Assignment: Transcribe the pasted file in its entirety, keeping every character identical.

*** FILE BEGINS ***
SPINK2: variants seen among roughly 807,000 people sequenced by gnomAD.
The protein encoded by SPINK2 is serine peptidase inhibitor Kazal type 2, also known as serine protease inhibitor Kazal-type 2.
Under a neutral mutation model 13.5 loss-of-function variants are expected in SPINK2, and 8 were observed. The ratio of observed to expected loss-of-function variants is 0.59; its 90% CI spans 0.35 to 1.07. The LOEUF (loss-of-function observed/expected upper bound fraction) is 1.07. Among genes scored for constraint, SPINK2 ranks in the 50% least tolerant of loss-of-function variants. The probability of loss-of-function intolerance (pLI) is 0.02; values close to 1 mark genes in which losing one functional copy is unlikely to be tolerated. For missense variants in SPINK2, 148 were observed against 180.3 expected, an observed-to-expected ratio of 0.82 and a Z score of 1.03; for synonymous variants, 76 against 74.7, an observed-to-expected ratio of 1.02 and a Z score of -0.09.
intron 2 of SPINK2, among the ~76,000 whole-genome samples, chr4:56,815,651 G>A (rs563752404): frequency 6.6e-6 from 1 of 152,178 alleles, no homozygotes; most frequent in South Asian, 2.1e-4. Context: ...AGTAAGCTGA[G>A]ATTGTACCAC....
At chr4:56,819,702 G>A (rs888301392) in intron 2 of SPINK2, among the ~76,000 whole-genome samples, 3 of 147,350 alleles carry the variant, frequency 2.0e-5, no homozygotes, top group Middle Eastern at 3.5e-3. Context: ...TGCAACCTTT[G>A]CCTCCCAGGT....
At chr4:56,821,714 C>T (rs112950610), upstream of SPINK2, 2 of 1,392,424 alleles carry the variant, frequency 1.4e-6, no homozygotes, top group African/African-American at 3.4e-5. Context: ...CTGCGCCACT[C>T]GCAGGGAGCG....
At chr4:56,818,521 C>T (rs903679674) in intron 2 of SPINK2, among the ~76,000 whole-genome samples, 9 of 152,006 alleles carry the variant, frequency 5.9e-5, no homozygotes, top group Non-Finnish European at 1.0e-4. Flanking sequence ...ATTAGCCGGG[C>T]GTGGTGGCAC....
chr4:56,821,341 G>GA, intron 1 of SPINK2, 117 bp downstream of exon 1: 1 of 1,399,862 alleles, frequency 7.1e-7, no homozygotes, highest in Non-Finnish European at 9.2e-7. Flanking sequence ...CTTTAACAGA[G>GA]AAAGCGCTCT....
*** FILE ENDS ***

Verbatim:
SPINK2: variants seen among roughly 807,000 people sequenced by gnomAD.
The protein encoded by SPINK2 is serine peptidase inhibitor Kazal type 2, also known as serine protease inhibitor Kazal-type 2.
Under a neutral mutation model 13.5 loss-of-function variants are expected in SPINK2, and 8 were observed. The ratio of observed to expected loss-of-function variants is 0.59; its 90% CI spans 0.35 to 1.07. The LOEUF (loss-of-function observed/expected upper bound fraction) is 1.07. Among genes scored for constraint, SPINK2 ranks in the 50% least tolerant of loss-of-function variants. The probability of loss-of-function intolerance (pLI) is 0.02; values close to 1 mark genes in which losing one functional copy is unlikely to be tolerated. For missense variants in SPINK2, 148 were observed against 180.3 expected, an observed-to-expected ratio of 0.82 and a Z score of 1.03; for synonymous variants, 76 against 74.7, an observed-to-expected ratio of 1.02 and a Z score of -0.09.
intron 2 of SPINK2, among the ~76,000 whole-genome samples, chr4:56,815,651 G>A (rs563752404): frequency 6.6e-6 from 1 of 152,178 alleles, no homozygotes; most frequent in South Asian, 2.1e-4. Context: ...AGTAAGCTGA[G>A]ATTGTACCAC....
At chr4:56,819,702 G>A (rs888301392) in intron 2 of SPINK2, among the ~76,000 whole-genome samples, 3 of 147,350 alleles carry the variant, frequency 2.0e-5, no homozygotes, top group Middle Eastern at 3.5e-3. Context: ...TGCAACCTTT[G>A]CCTCCCAGGT....
At chr4:56,821,714 C>T (rs112950610), upstream of SPINK2, 2 of 1,392,424 alleles carry the variant, frequency 1.4e-6, no homozygotes, top group African/African-American at 3.4e-5. Context: ...CTGCGCCACT[C>T]GCAGGGAGCG....
At chr4:56,818,521 C>T (rs903679674) in intron 2 of SPINK2, among the ~76,000 whole-genome samples, 9 of 152,006 alleles carry the variant, frequency 5.9e-5, no homozygotes, top group Non-Finnish European at 1.0e-4. Flanking sequence ...ATTAGCCGGG[C>T]GTGGTGGCAC....
chr4:56,821,341 G>GA, intron 1 of SPINK2, 117 bp downstream of exon 1: 1 of 1,399,862 alleles, frequency 7.1e-7, no homozygotes, highest in Non-Finnish European at 9.2e-7. Flanking sequence ...CTTTAACAGA[G>GA]AAAGCGCTCT....